TG: Where we do come together!
KD: Where we do come together. Yes, that’s how we negotiated race in the film.
TG: Then this negotiation did come directly from your experience into the film.
KD: Yeah, I think it was my personal experience, growing up in an environment with friends from all sorts of different cultures.
TG: It is such a huge asset to be able to have that.
KD: Yeah, it is, it is. And in some ways, that’s how I see our life forward: to focus on our strength together, rather than to focus on our differences. And I think that whether it has to do with race, culture, religion, or whatever, in trying to point out the differences, we then potentially create divide. But by focusing on our strengths, on our similarities, we can do anything together. So that was the first part of your question (Khoa laughs).
TG: Thank you. The second question was about class. There were certain material conditions that we need to talk about when it comes to the human experience, the everyday life of people from all different backgrounds. You portray these conditions in such a way that is not undermining. There are hilarious moments in the film when the camera zooms in on the realistic picture of the working class. And yet at the same time, it comes across in such an engaging manner. And you use humor in such a way that really tackles that. Please talk about class and humor.
KD: In any major country or major area, there are people from all sorts of classes living together in a certain environment, certain space. The film in many ways is a film about overcoming challenges, no matter what they are. And one obstacle which these young men have is they come from a different class to everyone else, a lower class, a poorer class. And again this film is saying that, “Forget about that!” If you focus about that, it becomes your weakness. But embrace it and be proud of it. Focus on your strength, on what you have, and it’s only this way that you can move forward, and you can go for your dreams.
TG: So it’s about the human resilience, the human potential, in each of us.
KD: Yes, it’s a film about realizing your potential, despite your class and the potential class differences. When you are on a field together, all those differences are gone.
TG: You work towards one common goal.
KD: Yes, you work towards one common goal. And you are equal, it’s a level playing field. I don’t take life too seriously, and a very important thing that we can all do is to learn to laugh at ourselves and not take our lives too seriously. Within this movie as well, there’s a whole theme about, “Why do we do this? Why do we do this?” Because in the end, it’s about finding the fun, the beauty, the enjoyment, of their lives, and going for that.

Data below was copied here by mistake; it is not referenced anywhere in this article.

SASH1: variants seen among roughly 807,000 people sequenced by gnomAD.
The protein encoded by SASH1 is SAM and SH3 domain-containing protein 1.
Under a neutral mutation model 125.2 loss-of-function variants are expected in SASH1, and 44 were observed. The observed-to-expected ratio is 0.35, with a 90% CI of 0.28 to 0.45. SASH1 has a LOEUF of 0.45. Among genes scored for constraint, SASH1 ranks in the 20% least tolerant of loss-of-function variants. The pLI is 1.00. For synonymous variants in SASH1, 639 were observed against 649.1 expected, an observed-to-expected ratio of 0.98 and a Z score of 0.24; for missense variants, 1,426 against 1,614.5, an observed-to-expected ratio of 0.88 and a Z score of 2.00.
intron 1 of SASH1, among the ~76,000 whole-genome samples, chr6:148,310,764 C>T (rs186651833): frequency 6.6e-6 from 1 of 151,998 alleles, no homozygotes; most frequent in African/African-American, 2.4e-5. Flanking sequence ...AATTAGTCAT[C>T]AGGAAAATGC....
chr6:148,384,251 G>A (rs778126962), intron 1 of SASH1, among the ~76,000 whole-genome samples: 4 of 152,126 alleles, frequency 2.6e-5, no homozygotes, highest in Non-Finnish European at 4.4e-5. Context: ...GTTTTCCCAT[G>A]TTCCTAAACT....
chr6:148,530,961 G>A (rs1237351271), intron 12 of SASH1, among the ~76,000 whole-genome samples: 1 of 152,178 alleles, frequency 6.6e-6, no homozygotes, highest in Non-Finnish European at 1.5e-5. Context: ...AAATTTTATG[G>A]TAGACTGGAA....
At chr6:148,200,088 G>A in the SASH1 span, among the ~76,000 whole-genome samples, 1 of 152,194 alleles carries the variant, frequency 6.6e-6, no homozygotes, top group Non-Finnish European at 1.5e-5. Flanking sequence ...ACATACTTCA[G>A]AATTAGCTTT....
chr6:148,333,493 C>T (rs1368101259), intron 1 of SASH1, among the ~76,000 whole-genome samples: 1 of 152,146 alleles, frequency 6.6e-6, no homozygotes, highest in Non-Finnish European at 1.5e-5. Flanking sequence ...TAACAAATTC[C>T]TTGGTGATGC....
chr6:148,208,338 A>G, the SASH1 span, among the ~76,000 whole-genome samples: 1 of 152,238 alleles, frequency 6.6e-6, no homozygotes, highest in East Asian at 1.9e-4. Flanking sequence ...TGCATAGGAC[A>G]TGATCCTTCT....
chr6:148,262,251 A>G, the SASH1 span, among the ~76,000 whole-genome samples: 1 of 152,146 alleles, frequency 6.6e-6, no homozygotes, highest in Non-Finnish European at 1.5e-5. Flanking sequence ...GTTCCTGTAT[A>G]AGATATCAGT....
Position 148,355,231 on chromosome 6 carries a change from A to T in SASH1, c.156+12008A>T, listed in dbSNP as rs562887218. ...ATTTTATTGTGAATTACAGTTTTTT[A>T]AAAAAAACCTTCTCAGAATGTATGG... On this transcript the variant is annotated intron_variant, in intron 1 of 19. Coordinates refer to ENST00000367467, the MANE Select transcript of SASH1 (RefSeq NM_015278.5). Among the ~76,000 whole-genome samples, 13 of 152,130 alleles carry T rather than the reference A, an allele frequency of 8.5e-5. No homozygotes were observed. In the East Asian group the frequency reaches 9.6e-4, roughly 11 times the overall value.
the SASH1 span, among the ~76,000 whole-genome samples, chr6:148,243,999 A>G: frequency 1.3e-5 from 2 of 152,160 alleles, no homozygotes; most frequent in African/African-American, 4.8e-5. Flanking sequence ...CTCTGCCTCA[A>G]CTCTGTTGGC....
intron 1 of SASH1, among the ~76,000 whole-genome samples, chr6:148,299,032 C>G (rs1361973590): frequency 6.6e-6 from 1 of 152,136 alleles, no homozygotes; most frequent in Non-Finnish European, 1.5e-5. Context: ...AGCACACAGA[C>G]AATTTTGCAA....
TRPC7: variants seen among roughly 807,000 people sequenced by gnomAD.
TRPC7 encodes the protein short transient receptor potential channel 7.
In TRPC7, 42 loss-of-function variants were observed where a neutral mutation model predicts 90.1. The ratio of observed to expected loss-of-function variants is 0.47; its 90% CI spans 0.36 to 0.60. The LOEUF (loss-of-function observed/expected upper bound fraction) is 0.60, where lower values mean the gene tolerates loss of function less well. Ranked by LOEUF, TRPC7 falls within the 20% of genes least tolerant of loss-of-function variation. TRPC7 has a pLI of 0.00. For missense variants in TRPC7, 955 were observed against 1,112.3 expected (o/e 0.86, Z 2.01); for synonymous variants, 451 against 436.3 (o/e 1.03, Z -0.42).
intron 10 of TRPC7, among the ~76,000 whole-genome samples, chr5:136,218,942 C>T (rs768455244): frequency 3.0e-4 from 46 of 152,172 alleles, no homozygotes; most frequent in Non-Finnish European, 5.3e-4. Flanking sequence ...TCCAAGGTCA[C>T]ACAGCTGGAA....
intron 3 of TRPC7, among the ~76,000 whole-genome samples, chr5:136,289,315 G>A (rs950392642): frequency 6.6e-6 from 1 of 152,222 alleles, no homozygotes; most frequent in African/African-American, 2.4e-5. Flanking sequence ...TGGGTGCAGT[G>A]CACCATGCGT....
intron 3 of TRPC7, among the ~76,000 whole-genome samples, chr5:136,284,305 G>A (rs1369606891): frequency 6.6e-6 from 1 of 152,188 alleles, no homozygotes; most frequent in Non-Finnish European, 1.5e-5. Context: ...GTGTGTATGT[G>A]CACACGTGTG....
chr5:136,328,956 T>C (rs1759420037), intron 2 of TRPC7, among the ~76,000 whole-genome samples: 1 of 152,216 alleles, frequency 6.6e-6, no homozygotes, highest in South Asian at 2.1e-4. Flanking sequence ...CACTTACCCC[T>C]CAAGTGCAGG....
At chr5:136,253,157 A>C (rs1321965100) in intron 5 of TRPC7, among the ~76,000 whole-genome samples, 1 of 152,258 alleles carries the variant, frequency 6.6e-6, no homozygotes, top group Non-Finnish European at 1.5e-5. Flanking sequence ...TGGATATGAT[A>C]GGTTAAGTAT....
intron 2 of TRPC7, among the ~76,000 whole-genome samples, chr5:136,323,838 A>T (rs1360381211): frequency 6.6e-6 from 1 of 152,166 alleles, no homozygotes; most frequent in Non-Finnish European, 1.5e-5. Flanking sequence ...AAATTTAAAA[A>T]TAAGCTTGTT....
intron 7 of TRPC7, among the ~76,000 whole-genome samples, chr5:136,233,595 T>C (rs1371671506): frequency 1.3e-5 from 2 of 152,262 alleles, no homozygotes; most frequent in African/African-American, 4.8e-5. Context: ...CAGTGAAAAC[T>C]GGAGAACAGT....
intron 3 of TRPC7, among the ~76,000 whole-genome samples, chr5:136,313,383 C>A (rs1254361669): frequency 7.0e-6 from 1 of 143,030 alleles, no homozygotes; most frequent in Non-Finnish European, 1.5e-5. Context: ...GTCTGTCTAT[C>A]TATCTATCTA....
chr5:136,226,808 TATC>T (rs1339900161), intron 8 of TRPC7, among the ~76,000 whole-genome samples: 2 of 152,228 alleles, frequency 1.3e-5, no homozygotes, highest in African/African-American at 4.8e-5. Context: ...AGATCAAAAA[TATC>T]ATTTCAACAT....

TG: To be happy is an important business.
KD: Yes, absolutely.
TG: The third question was about gender. As I mentioned, sports is a male-dominated area and the film revolves around that. But at the same time there were many tender moments, even with the boys alone, as when they were looking for the turtle for the little girl. How did that happen?
KD: This film’s cast is mainly men, but what drives them and influences them is in many ways the women in their lives, or the lack thereof. As for the parents of Luke…
TG: It’s Lực, right? You anglicized his name.
KD: Absolutely (both laugh).
TG: He’s called Lực at home and Luke at school.
KD: Yeah, yeah! Which is kind of cool, because he gets to change his name. He’s looking out for his sister. Although his sister is much younger than him, she is the more mature of the two of them.
KD: Yeah, emotionally. And eventually, this is a film about Luke growing up.
TG: So tell me about the mother. How did you come up with that character? Loss is a very salient theme for the Vietnamese diasporic experiences.
KD: It is. In many ways, this film is about a brother and a sister whose mother has passed away. They try to find a way to live together, they try to find a place for themselves in their world. And in some ways, their mother represents everything that they lost, whether it be their original homeland, or whether it be their real mother.
TG: So the mother’s image is both symbolic and material.
KD: It is, yeah. It is a film about coming to terms with what you lost, to try to find a place for yourself in the world you live in.
TG: To find home, wherever that home is.
KD: Yeah, to find home. At the end of the film they become proud of where they live now and their home. And as a team, they create a business together, and eventually they find their real home.
(END OF EXCERPT)
Footy Legends (a movie trailer on YouTube)
ABOUT THE AUTHOR: Trangdai Glassey-Tranguyen is Founder and Director of the Vietnamese American Project, Center for Oral & Public History, California State University, Fullerton, and Founder of the Vietnamese Diaspora Project under the auspice of an exceptional-ranking Fulbright full grant in Sweden. She is the first scholar to have conducted extensive cross-lingual oral history interviews with Vietnamese Americans in Orange County, California and other parts of the U.S. since the 1990s. At a time when oral history was still foreign to the public, Trangdai was visionary in using her student loans to finance the VAP. She also had the vision to pioneer the introduction and discussions of oral history methodology in the Little Saigon community through radio and TV interviews, forums, publications, and events that connect academia and the larger public in both Vietnamese and English for the last twenty years. She is the sole scholar to have conducted hundreds of oral history interviews and multi-sited research on the Vietnamese diasporas in the U.S., Europe, Australia, and Asia since the 1990s. A celebrated leader, award-winning researcher, noted bilingual poet, committed Vietnamese language teacher, respected syndicated writer, and elated mother, Trangdai holds an M.A. in History from CSU Fullerton and an M.A. in Anthropology from Stanford University, and is working toward her Ph.D.